FIG. 5 shows a ray diagram comparing the paths of the generated radiation between the prior art and one cross section of the preferred embodiment of the present invention.

FIG. 6 shows a ray diagram comparing the paths of the generated radiation between the prior art and another cross section of the preferred embodiment of the present invention.

FIG. 7 shows the effect of mismatch between the active film and the electrodes in the present invention.

FIG. 8 shows the percentage of power reflected versus the incident angle for different types of the transparent electrodes in the present invention.

FIG. 9 shows tilting the emitting side surface in the present invention.

FIG. 10 shows the percentage of power reflected by the reflective electrode as a function of incident angle for different thicknesses of the insulating film in the present invention.

FIG. 11 shows a different preferred embodiment of the present invention.

FIG. 12 shows another preferred embodiment of the present invention.

Same numerals in FIGS. 1-13 are assigned to similar elements in all the figures. Embodiments of the invention are discussed below with reference to FIGS. 1-13. However, those skilled in the art will readily appreciate that the detailed description given herein with respect to these figures is for explanatory purposes as the invention extends beyond these limited embodiments.

DETAILED DESCRIPTION OF THE INVENTION

FIG. 2 shows a system 100 with an array 106 of preferred edge emitters, such as 108, of the present invention. The array 106 is typically on a substrate 102, such as glass. The system also shows multiplexing bus bars 104 connecting drivers to the edge emitters. The driver with multiplexers 104 will not be further described because they should be obvious to those skilled in the art. With the appropriate drive, each edge emitter would emit an electromagnetic radiation, such as the emitter 108 emitting the radiation 109.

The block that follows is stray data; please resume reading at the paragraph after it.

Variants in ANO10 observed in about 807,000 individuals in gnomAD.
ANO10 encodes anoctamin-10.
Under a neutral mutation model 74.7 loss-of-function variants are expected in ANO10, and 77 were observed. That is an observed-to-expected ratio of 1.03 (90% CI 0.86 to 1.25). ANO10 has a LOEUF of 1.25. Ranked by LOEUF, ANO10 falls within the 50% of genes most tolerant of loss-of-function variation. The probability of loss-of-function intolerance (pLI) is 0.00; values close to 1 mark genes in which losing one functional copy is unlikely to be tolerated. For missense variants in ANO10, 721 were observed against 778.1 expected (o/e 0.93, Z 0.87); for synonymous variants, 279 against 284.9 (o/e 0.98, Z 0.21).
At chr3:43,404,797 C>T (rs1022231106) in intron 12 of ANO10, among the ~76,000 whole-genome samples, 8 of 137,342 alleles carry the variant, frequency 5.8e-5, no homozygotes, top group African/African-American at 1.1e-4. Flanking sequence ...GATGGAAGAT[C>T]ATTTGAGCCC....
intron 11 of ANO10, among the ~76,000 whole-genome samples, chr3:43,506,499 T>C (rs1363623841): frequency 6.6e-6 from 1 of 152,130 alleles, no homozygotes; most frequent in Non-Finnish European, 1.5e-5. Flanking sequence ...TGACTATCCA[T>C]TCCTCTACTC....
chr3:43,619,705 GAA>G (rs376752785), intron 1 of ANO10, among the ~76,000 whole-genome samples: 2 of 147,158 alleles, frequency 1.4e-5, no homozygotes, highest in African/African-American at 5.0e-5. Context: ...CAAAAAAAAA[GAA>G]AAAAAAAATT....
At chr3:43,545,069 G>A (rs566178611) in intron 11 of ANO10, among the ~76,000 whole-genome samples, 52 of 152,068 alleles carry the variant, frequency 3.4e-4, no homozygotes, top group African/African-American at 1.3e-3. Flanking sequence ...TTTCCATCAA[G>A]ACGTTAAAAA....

FIG. 3A shows a cross-section of a first preferred embodiment of an edge emitter 110. For clarity, the substrate 102 is not shown. The emitter is made of a cap 112 situated on top of a thin film electroluminescent stack to form a modified edge emitter--hereinafter known as an edge emitter. The thin film electroluminescent stack includes a transparent electrode 114; an active film 118; an insulating film 120; and a reflective electrode 122. The electrodes are conductive. Unlike conventional stacks, the stack in the present invention does not have an insulating film between the active film and the transparent electrode.

Electric fields are applied across the active film 118, such as by connecting a voltage source 124 on the two electrodes. The electric field across the active film excites dopant ions in the active film 118; and then the excited dopants relax to generate radiation. The fabrication processes of the preferred embodiments will not be described because such processes should be obvious to those skilled in the art.

The preferred embodiment 110 shows the transparent and the reflective electrodes well registered, with one directly on top of the other. In another preferred embodiment, one electrode can be much wider than another. It is only in the regions of overlap that there will be excitation and recombination.